Germany’s highest court has ruled that officials must draw up rules to protect disabled people if hospitals end up having to triage patients in the pandemic
BERLIN — Germany’s highest court said Tuesday that officials must draw up rules to protect disabled people if hospitals end up having to triage patients in the pandemic.
The Federal Constitutional Court said that the parliament violated a clause in the constitution stating that no one can be discriminated against because of a disability, and ordered it to rectify the situation “without delay.”
The court’s ruling came after it considered complaints last year from a group of people with serious disabilities, most of whom require regular assistance. They worried that doctors could give up on them if a situation arose in the coronavirus pandemic in which there weren’t enough hospital beds for the number of patients.
Germany so far has avoided that situation, although patients have had to be transferred to other regions in the most recent wave of infections because beds were scarce in some parts of the country.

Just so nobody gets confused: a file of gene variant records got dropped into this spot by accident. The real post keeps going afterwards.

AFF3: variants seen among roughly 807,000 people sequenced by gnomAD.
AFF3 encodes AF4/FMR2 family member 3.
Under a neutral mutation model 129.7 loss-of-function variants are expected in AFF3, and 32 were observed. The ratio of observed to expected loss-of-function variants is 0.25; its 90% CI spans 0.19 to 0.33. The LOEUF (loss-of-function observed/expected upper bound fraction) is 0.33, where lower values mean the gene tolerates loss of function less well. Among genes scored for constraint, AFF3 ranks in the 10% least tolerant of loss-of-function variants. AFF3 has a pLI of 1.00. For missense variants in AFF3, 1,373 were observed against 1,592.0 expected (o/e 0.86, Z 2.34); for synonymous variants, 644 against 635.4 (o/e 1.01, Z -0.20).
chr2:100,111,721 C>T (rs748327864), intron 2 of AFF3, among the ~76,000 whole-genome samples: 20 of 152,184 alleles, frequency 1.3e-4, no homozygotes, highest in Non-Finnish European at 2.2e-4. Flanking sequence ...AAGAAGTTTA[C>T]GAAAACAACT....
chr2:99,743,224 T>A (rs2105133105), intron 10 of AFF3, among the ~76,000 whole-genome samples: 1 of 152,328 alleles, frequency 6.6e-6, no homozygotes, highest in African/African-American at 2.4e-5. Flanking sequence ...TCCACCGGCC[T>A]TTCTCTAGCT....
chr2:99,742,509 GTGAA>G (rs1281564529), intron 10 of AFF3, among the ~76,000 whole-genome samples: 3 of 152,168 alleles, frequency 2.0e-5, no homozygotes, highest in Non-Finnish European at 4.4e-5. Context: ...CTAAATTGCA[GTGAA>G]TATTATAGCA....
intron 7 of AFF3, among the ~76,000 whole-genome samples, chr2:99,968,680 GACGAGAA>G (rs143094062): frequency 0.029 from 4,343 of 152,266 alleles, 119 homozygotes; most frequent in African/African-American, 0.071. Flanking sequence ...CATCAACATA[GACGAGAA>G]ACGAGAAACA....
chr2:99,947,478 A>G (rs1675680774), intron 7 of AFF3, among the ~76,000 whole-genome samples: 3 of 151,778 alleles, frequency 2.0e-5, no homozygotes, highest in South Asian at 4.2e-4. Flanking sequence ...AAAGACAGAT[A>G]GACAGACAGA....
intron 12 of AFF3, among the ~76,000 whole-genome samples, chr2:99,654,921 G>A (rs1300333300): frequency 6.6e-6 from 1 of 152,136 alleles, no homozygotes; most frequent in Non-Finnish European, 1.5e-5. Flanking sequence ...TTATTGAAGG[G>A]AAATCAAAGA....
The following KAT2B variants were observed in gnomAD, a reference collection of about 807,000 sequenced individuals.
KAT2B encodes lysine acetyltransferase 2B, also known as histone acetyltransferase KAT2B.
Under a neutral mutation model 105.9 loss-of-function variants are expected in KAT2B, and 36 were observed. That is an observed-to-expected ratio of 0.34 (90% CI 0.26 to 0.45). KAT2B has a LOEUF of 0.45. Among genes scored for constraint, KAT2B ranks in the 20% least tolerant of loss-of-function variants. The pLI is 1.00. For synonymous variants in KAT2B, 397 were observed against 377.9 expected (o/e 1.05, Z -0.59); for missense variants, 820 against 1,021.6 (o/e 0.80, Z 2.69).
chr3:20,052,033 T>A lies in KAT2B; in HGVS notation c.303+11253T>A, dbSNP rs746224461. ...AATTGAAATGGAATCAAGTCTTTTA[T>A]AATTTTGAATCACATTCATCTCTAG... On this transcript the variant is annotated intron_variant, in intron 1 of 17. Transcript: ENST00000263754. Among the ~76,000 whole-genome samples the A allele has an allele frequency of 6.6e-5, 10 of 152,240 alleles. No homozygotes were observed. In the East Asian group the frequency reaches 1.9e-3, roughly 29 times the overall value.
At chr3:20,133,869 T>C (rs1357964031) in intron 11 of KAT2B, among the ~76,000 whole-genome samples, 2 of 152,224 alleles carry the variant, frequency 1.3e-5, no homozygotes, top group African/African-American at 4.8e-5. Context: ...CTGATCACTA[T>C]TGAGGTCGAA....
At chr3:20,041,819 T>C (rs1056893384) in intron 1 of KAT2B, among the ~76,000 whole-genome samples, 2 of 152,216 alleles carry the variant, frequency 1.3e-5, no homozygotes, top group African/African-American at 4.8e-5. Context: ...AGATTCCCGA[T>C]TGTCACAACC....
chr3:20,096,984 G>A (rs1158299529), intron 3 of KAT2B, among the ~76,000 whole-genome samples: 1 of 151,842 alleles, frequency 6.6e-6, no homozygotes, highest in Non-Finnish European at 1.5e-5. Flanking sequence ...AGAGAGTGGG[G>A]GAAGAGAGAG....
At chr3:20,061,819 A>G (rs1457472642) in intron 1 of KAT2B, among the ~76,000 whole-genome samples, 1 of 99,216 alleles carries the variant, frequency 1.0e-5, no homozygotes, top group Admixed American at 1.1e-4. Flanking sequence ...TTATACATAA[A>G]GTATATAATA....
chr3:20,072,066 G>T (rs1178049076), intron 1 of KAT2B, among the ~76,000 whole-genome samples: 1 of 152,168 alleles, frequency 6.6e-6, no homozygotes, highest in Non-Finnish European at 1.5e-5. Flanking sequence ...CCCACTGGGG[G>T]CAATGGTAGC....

The federal court, in a Dec. 16 decision that was announced on Tuesday, concluded that the plaintiffs “currently are not effectively protected against recognizable risks to top-tier legally protected rights in a situation in which they cannot protect themselves.”
Guidelines drawn up by medical associations aren’t legally binding and discrimination against disabled people can’t entirely be ruled out, it argued.
The court said that it’s up to officials and lawmakers to decide how exactly to comply with its ruling. It said possibilities include rules for the triage procedure that could included making it obligatory for several people to be involved in decisions, and specific requirements for training of intensive care personnel.
Health Minister Karl Lauterbach welcomed the ruling, tweeting that “people with disabilities need the protection of the state more than all others, all the more in the case of triage.” He added that what’s needed now is to prevent triage with “effective protection measures and vaccinations.”
One of the nine plaintiffs, Nancy Poser, told German news agency dpa that they were all relieved. The 42-year-old, a judge at a district court in the western city of Trier who uses a wheelchair, said they hope that lawmakers will “act quickly and draw up rules to protect us.”
Britta Hasselmann, a parliamentary leader of the Greens, one of Germany’s governing parties, tweeted that a “careful examination and discussion” of how to fulfill the ruling will be needed in parliament.
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